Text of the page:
Engaging with Open Data through Video Games

Presented by Paris Buttfield-Addison, Jon Manning, Tim Nugent
Wednesday 11:35 a.m.–12:20 p.m.
Target audience: Developer


Open data, such as that provided by many governments around the world is cool. It’s fantastic to see countries around the world opening as much as they can, allowing citizens and interested parties to build upon and enhance the myriad of interesting information collected by countries. There’s a lot of people doing great work with this sort of data, but they have to be extremely passionate, engaged, and motivated in order to want to get involved.

We found another way. For the last three years we’ve been participating in government-data-focused hackathons, and turning them into game jams.

This session explores why this is a good idea, and how you might want to do it to. We cover:

  • conceiving of game ideas based on normally dry open data sets (we once made a Pokemon-style battle game based on the energy efficiency data provided by the government energy regulator, it helped you figure out if your fridge was efficient by letting you battle it against other people’s fridges);

  • preserving the spirit and meaning of the data in games you make with it; tools for parsing and interpreting the data, and making it usable for your games (we’re very good at Perl, Awk, Sed, and R now);

  • getting out and engaging people with your data-based games, and making sure people don’t draw the wrong conclusions from what your game shows them (while still having fun – it is a game after all!)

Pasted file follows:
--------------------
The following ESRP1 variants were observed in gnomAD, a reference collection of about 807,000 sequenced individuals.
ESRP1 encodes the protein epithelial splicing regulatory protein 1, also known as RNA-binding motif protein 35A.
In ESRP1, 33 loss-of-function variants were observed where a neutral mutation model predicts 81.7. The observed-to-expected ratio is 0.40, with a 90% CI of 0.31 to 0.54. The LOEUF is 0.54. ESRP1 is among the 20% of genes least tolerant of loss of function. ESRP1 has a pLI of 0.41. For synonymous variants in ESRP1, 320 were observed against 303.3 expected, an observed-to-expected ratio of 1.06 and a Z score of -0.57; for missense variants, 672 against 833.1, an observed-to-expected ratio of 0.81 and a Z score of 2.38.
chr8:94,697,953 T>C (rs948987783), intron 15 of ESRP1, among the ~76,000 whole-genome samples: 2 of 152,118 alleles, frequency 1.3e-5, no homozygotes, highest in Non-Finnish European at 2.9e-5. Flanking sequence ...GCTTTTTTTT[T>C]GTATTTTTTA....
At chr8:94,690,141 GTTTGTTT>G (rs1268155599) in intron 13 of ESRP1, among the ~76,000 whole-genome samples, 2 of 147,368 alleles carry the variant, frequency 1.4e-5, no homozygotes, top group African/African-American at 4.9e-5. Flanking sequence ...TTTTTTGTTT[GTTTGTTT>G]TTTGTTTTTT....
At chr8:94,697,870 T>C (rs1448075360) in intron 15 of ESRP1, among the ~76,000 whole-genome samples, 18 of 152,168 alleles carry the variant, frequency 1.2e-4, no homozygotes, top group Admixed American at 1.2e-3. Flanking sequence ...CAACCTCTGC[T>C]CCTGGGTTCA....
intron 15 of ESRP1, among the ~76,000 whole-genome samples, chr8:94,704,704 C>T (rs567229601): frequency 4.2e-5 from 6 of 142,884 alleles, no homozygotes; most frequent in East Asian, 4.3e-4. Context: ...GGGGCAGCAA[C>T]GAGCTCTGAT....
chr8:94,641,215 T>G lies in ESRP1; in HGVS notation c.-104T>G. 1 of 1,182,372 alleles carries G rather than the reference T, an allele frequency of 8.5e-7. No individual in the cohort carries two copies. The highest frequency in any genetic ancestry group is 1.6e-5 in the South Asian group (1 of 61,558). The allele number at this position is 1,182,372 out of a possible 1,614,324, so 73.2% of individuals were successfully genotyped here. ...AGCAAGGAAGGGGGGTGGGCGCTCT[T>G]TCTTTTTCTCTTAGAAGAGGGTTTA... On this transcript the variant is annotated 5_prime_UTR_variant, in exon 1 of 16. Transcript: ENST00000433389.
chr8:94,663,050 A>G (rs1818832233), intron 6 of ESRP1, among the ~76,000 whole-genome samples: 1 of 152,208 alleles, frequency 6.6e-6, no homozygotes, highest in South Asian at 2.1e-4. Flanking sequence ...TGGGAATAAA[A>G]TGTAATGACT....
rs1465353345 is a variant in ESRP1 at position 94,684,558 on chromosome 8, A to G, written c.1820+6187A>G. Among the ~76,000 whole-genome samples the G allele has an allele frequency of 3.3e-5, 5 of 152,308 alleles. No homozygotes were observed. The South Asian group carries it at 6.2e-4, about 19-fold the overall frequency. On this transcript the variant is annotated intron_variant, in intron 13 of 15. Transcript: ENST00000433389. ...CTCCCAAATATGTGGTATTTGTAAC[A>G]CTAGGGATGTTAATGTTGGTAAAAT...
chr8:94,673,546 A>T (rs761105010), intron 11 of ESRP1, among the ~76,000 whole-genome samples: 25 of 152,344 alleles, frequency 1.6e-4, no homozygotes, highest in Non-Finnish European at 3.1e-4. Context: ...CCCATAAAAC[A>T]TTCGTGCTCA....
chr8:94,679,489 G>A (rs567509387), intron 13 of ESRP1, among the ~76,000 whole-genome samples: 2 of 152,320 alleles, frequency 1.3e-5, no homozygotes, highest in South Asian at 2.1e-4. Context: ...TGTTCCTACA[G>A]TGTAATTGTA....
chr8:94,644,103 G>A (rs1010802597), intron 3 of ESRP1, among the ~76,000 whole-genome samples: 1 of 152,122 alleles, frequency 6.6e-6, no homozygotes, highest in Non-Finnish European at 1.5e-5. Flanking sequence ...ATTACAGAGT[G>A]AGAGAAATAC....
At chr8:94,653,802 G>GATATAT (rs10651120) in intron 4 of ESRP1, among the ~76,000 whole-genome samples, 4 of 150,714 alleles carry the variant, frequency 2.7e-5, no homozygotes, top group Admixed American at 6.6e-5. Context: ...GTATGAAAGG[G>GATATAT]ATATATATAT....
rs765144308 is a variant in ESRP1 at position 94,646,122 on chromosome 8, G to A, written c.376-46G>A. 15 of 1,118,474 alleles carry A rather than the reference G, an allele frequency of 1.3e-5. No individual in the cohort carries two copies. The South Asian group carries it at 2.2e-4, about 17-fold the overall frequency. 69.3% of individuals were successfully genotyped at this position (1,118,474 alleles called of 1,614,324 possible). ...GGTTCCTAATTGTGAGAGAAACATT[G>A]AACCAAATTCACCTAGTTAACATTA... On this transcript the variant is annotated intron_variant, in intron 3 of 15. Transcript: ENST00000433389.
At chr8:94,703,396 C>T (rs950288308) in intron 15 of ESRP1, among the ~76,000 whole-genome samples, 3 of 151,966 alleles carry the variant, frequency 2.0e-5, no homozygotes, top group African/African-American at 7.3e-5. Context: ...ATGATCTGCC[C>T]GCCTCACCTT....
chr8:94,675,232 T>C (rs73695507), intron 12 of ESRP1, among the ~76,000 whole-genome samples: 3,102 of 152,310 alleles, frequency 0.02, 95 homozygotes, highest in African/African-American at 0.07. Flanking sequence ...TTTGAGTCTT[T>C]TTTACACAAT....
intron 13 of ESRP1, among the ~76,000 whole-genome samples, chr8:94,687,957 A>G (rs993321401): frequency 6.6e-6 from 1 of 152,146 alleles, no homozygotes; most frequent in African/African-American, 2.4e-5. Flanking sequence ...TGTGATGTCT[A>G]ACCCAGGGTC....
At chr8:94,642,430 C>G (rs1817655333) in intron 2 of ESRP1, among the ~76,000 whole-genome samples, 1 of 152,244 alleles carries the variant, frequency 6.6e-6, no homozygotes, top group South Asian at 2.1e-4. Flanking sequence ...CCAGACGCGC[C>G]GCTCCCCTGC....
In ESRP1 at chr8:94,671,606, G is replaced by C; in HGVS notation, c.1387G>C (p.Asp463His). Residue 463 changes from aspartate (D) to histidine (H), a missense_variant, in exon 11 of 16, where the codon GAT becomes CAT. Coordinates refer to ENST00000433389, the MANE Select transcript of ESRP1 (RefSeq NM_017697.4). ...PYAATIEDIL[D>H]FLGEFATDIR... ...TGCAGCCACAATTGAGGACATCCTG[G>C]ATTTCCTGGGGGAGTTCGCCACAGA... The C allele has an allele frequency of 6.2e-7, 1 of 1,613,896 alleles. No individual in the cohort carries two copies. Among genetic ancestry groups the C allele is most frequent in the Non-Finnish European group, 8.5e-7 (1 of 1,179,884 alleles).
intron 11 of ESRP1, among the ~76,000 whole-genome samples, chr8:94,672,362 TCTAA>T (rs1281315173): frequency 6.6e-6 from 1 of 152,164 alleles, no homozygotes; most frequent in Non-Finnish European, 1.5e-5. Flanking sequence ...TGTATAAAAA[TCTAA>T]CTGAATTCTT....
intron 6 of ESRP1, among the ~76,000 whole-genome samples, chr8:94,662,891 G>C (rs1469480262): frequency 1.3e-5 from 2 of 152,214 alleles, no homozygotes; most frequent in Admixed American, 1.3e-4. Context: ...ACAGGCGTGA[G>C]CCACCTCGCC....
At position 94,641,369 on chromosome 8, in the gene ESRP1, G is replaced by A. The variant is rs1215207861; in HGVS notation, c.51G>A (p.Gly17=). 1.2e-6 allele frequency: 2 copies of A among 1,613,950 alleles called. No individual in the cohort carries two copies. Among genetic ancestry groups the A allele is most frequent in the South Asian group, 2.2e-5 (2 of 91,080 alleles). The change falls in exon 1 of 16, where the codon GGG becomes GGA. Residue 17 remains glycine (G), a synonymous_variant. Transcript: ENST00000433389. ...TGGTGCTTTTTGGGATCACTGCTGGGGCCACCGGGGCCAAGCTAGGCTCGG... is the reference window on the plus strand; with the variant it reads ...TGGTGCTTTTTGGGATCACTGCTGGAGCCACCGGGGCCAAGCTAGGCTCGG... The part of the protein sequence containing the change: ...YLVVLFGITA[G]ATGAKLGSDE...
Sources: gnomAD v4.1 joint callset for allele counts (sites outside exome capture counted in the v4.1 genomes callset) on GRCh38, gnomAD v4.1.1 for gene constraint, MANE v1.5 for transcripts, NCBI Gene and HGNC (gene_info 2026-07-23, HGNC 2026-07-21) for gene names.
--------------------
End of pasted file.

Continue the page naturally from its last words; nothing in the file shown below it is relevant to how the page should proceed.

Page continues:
We’ve built games –– often at GovHack in Australia that do everything from turn your local politician’s parliamentary voting history into a party game, to parsing and interpreting a giant database incorporating all the functional roles in a government, and turning it into a SpaceTeam style party game. We’ll tell you how you can do the same thing in your community, how to make it engaging and meaningful, why you might want to do this, and how to get started.

Presented by

Paris Buttfield-Addison

Dr Paris Buttfield-Addison is co-founder of Secret Lab, a mobile development studio based in beautiful Hobart, Australia. Secret Lab builds games and apps for mobile devices, including the award-winning ABC Play School iPad games, and the Qantas Joey Playbox. Paris formerly worked as mobile product manager for Meebo (acquired by Google), has a degree in medieval history, a PhD in Computing, and writes technical books on mobile and game development for O’Reilly Media. He can be found on Twitter @parisba and online at http://why.wtf

Jon Manning

Jon Manning is a co-founder of Secret Lab, where he makes games and does research. He has an actual PhD about jerks on the internet, has written about a dozen technical books for O’Reilly Media, and wrote two games for ABC’s Play School and one for Qantas. He’s currently working on Button Squid, a top-down puzzler for iOS, and is fond of making cool tools for rad devs.

Tim Nugent

Tim pretends to be a mobile app developer, game designer, and PhD student, and now he’s even pretending to be an author. (He cowrote the latest versions of Learning Cocoa with Objective-C, Swift Developement with Cocoa, Learning Swift, and the Kerbal Space Program Players Guide for O’Reilly.) When he isn’t busy avoiding being found out as a fraud, Tim spends most of his time designing and creating little apps and games he won’t let anyone see. He also spent a disproportionately long time writing this tiny little bio, most of which was taken up trying to stick a witty sci-fi reference in... before he simply gave up.

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